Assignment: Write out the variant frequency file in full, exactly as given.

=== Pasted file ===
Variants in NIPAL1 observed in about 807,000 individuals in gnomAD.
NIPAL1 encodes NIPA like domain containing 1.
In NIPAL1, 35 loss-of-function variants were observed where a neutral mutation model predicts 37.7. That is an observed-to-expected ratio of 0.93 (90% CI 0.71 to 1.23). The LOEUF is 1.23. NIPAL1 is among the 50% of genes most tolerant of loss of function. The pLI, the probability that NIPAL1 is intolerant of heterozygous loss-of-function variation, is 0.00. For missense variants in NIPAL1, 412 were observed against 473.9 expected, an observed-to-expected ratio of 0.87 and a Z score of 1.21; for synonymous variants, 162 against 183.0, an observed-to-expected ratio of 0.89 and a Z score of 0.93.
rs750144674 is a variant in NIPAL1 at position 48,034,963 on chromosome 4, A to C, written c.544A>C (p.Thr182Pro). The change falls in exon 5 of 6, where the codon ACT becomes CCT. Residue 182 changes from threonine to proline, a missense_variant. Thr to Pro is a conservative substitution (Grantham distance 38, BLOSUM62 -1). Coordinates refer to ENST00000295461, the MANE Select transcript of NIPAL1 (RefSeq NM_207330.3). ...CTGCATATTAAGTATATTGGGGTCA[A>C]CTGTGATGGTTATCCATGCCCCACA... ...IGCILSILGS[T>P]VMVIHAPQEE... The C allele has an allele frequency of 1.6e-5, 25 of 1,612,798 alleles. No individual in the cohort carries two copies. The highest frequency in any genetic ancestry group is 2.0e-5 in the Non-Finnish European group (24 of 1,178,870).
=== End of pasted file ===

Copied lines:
Variants in NIPAL1 observed in about 807,000 individuals in gnomAD.
NIPAL1 encodes NIPA like domain containing 1.
In NIPAL1, 35 loss-of-function variants were observed where a neutral mutation model predicts 37.7. That is an observed-to-expected ratio of 0.93 (90% CI 0.71 to 1.23). The LOEUF is 1.23. NIPAL1 is among the 50% of genes most tolerant of loss of function. The pLI, the probability that NIPAL1 is intolerant of heterozygous loss-of-function variation, is 0.00. For missense variants in NIPAL1, 412 were observed against 473.9 expected, an observed-to-expected ratio of 0.87 and a Z score of 1.21; for synonymous variants, 162 against 183.0, an observed-to-expected ratio of 0.89 and a Z score of 0.93.
rs750144674 is a variant in NIPAL1 at position 48,034,963 on chromosome 4, A to C, written c.544A>C (p.Thr182Pro). The change falls in exon 5 of 6, where the codon ACT becomes CCT. Residue 182 changes from threonine to proline, a missense_variant. Thr to Pro is a conservative substitution (Grantham distance 38, BLOSUM62 -1). Coordinates refer to ENST00000295461, the MANE Select transcript of NIPAL1 (RefSeq NM_207330.3). ...CTGCATATTAAGTATATTGGGGTCA[A>C]CTGTGATGGTTATCCATGCCCCACA... ...IGCILSILGS[T>P]VMVIHAPQEE... The C allele has an allele frequency of 1.6e-5, 25 of 1,612,798 alleles. No individual in the cohort carries two copies. The highest frequency in any genetic ancestry group is 2.0e-5 in the Non-Finnish European group (24 of 1,178,870).